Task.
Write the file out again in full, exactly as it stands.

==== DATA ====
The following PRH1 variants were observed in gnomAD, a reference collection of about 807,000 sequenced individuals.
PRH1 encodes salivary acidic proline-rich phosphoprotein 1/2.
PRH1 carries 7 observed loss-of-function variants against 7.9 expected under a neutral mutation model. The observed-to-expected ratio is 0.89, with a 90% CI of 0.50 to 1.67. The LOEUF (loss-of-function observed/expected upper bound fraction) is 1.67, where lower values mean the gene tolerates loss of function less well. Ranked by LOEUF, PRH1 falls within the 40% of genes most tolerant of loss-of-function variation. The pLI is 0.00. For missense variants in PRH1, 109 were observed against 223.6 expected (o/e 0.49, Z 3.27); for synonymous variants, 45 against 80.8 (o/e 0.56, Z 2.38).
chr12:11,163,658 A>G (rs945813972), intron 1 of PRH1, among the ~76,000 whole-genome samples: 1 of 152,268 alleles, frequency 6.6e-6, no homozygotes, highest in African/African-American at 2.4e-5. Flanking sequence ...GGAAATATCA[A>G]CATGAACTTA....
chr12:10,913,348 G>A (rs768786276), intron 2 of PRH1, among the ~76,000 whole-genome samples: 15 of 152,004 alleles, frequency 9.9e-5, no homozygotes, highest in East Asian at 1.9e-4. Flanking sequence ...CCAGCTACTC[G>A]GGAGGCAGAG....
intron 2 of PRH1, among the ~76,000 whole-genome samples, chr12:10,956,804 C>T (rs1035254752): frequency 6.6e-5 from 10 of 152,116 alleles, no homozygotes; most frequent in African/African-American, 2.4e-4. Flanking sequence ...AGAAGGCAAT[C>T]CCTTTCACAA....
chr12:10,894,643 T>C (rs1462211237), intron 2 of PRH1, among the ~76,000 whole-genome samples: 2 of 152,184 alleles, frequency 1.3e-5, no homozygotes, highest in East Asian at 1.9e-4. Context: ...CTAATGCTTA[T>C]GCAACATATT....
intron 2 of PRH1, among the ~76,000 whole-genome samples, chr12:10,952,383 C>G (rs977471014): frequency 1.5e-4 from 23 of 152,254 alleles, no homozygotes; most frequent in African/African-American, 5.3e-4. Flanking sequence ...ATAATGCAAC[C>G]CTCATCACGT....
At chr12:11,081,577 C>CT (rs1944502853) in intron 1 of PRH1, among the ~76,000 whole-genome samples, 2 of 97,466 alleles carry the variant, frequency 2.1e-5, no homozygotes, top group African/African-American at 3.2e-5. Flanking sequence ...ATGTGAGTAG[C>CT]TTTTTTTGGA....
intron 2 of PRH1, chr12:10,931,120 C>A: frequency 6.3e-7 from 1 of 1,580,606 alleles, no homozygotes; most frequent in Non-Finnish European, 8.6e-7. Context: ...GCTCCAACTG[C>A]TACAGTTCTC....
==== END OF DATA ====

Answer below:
The following PRH1 variants were observed in gnomAD, a reference collection of about 807,000 sequenced individuals.
PRH1 encodes salivary acidic proline-rich phosphoprotein 1/2.
PRH1 carries 7 observed loss-of-function variants against 7.9 expected under a neutral mutation model. The observed-to-expected ratio is 0.89, with a 90% CI of 0.50 to 1.67. The LOEUF (loss-of-function observed/expected upper bound fraction) is 1.67, where lower values mean the gene tolerates loss of function less well. Ranked by LOEUF, PRH1 falls within the 40% of genes most tolerant of loss-of-function variation. The pLI is 0.00. For missense variants in PRH1, 109 were observed against 223.6 expected (o/e 0.49, Z 3.27); for synonymous variants, 45 against 80.8 (o/e 0.56, Z 2.38).
chr12:11,163,658 A>G (rs945813972), intron 1 of PRH1, among the ~76,000 whole-genome samples: 1 of 152,268 alleles, frequency 6.6e-6, no homozygotes, highest in African/African-American at 2.4e-5. Flanking sequence ...GGAAATATCA[A>G]CATGAACTTA....
chr12:10,913,348 G>A (rs768786276), intron 2 of PRH1, among the ~76,000 whole-genome samples: 15 of 152,004 alleles, frequency 9.9e-5, no homozygotes, highest in East Asian at 1.9e-4. Flanking sequence ...CCAGCTACTC[G>A]GGAGGCAGAG....
intron 2 of PRH1, among the ~76,000 whole-genome samples, chr12:10,956,804 C>T (rs1035254752): frequency 6.6e-5 from 10 of 152,116 alleles, no homozygotes; most frequent in African/African-American, 2.4e-4. Flanking sequence ...AGAAGGCAAT[C>T]CCTTTCACAA....
chr12:10,894,643 T>C (rs1462211237), intron 2 of PRH1, among the ~76,000 whole-genome samples: 2 of 152,184 alleles, frequency 1.3e-5, no homozygotes, highest in East Asian at 1.9e-4. Context: ...CTAATGCTTA[T>C]GCAACATATT....
intron 2 of PRH1, among the ~76,000 whole-genome samples, chr12:10,952,383 C>G (rs977471014): frequency 1.5e-4 from 23 of 152,254 alleles, no homozygotes; most frequent in African/African-American, 5.3e-4. Flanking sequence ...ATAATGCAAC[C>G]CTCATCACGT....
At chr12:11,081,577 C>CT (rs1944502853) in intron 1 of PRH1, among the ~76,000 whole-genome samples, 2 of 97,466 alleles carry the variant, frequency 2.1e-5, no homozygotes, top group African/African-American at 3.2e-5. Flanking sequence ...ATGTGAGTAG[C>CT]TTTTTTTGGA....
intron 2 of PRH1, chr12:10,931,120 C>A: frequency 6.3e-7 from 1 of 1,580,606 alleles, no homozygotes; most frequent in Non-Finnish European, 8.6e-7. Context: ...GCTCCAACTG[C>A]TACAGTTCTC....